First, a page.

In just a few weeks, my time is going to be even more divided and you’re going to go from being the baby to being a big brother. And even though there will be a littler baby than you, I want you to know, you’ll still be my baby, just like Wyatt at four years is still my baby. I want you to have the time to grow up, so I won’t push you out of the crib or wean you from a bottle. Mama will still tickle your toes when I put you in jammies at night and my heart will still light up when I gather you from your crib the next morning. We will read books and racecars and play at the park. I will look at you and be blown away by the fact that you are mine. I might not have as much time, but I will love you just the same. In fact, every day that passes, I fall a little more in love with you. That will not change. THAT, my sweet, will never change.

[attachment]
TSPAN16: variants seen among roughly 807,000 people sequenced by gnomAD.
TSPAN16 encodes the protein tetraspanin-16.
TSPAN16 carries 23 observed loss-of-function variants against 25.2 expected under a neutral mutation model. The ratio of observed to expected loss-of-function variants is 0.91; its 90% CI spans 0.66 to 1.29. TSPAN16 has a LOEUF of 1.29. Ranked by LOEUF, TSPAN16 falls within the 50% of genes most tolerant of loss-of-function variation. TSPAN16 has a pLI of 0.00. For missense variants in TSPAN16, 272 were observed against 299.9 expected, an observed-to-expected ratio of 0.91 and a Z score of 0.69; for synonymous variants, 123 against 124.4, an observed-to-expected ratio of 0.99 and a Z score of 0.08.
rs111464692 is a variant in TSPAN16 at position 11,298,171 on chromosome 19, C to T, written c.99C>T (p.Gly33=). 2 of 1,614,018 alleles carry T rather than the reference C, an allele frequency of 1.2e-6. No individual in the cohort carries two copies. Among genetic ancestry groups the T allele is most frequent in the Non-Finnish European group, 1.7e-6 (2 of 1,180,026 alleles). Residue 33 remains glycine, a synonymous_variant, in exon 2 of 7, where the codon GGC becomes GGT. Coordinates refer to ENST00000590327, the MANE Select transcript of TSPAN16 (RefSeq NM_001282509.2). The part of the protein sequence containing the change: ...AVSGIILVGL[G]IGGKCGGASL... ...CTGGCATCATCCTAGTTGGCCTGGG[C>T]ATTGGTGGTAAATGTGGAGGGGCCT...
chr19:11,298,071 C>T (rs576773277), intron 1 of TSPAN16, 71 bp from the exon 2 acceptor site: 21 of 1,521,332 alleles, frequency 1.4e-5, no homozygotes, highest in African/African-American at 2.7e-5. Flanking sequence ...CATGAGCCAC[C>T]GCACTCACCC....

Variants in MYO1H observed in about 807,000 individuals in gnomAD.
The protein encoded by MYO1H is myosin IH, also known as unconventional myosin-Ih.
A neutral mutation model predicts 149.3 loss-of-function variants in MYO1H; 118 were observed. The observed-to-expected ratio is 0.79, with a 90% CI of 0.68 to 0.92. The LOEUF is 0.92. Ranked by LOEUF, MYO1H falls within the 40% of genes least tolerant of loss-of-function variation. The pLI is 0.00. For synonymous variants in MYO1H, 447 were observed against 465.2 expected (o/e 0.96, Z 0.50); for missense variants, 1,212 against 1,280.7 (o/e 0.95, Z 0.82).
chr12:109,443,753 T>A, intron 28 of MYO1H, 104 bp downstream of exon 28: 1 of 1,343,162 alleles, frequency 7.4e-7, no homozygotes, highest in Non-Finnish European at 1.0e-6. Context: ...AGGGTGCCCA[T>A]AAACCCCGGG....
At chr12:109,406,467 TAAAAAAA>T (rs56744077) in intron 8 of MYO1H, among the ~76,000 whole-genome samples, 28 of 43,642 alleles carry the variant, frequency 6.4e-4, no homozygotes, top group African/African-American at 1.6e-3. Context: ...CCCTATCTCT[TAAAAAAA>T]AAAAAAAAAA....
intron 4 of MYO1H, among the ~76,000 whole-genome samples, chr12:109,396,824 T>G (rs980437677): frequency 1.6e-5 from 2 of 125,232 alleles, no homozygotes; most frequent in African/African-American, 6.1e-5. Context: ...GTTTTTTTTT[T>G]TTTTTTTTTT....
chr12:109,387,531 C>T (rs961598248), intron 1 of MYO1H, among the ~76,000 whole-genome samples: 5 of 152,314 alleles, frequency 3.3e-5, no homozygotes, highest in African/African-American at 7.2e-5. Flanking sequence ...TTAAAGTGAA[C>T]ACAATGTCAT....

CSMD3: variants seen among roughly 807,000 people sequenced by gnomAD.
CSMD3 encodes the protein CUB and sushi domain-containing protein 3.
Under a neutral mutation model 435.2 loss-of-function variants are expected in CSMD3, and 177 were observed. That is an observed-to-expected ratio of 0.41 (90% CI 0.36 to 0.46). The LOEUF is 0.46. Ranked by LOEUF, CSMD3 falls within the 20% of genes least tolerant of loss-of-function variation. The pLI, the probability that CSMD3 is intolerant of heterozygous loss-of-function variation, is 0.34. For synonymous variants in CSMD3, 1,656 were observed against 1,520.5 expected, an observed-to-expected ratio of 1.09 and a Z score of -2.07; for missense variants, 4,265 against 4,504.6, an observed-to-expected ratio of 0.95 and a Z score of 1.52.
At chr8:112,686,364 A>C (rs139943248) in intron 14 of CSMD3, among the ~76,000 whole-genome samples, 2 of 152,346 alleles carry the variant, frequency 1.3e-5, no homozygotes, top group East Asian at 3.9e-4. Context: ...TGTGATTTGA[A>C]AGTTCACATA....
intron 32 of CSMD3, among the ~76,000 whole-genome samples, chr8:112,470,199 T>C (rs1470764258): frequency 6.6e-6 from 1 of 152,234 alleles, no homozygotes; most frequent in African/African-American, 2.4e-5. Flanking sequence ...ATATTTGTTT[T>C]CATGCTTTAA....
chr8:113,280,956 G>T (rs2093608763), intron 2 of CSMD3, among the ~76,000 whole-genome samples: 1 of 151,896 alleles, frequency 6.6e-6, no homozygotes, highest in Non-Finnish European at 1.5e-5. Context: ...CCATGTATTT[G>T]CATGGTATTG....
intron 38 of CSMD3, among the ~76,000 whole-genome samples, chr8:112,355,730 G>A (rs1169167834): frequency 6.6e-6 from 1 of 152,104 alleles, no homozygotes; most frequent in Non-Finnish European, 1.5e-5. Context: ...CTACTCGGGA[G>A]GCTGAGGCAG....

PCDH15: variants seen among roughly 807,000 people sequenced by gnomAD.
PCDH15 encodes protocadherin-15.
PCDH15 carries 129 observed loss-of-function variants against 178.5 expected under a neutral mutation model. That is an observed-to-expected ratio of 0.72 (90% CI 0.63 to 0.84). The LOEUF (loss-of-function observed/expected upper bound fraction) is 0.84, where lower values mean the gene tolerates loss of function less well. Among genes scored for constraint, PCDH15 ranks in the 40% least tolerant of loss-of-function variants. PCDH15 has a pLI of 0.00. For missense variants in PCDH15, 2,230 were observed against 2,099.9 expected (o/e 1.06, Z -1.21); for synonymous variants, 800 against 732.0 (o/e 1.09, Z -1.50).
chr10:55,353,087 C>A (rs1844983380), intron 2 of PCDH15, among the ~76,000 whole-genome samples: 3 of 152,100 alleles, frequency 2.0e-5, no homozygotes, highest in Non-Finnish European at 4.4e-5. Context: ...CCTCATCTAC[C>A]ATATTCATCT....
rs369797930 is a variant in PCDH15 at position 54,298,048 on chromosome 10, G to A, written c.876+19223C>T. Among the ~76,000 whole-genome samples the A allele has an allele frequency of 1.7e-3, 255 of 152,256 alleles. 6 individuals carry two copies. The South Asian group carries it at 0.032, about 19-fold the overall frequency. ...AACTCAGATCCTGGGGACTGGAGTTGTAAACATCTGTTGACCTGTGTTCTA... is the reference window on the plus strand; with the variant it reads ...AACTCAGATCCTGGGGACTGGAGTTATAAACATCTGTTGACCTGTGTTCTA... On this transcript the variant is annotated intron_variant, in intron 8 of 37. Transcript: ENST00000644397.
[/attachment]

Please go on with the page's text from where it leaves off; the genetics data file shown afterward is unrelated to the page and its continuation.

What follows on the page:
Know that my prayer for you remains the same: that first and foremost, you will grow up to love Jesus. That you will not remember a time in your life where He wasn’t part it. That you will grow in favor with God and with men, that you would grow to be a man of integrity and you would follow God’s special call on your life that only you can fulfill. And should you choose to marry, that God would give you a wife who serves Jesus with her whole heart, adores you and loves our family. I pray that you and Wyatt would have a special bond as brothers and always remain friends.